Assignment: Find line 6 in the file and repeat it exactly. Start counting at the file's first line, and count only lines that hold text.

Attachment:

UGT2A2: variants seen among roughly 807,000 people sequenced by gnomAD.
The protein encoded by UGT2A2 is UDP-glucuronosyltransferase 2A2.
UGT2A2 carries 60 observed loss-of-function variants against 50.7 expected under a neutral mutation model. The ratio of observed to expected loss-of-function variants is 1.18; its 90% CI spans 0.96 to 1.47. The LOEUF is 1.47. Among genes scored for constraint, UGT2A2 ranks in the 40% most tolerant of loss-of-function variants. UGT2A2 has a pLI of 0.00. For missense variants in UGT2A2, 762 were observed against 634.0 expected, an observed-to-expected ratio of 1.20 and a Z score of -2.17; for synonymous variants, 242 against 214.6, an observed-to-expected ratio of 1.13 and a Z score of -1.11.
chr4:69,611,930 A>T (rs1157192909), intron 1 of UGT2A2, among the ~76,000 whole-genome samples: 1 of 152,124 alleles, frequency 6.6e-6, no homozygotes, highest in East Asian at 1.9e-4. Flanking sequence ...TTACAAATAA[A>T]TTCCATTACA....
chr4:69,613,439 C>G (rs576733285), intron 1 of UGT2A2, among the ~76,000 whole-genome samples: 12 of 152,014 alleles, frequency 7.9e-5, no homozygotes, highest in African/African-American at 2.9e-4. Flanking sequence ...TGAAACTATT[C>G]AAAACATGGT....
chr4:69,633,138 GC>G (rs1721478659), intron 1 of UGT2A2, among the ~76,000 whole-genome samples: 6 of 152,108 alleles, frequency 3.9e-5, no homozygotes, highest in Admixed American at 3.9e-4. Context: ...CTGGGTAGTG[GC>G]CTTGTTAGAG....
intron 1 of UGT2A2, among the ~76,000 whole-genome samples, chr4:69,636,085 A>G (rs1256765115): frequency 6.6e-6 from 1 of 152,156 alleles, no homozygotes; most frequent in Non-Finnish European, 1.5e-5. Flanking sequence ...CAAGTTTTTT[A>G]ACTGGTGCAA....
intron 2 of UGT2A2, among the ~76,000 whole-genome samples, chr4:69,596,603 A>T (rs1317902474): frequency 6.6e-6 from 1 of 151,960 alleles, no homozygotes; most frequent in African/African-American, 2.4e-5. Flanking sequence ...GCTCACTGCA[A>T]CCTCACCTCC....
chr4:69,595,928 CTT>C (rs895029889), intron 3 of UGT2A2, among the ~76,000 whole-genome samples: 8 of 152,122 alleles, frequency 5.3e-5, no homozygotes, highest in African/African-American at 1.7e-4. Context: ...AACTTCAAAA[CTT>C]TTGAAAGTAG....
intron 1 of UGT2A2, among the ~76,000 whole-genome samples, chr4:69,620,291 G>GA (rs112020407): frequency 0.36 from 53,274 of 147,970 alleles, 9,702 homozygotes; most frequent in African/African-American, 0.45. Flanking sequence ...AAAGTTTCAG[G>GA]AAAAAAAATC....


chr4:69,633,138 GC>G (rs1721478659), intron 1 of UGT2A2, among the ~76,000 whole-genome samples: 6 of 152,108 alleles, frequency 3.9e-5, no homozygotes, highest in Admixed American at 3.9e-4. Context: ...CTGGGTAGTG[GC>G]CTTGTTAGAG....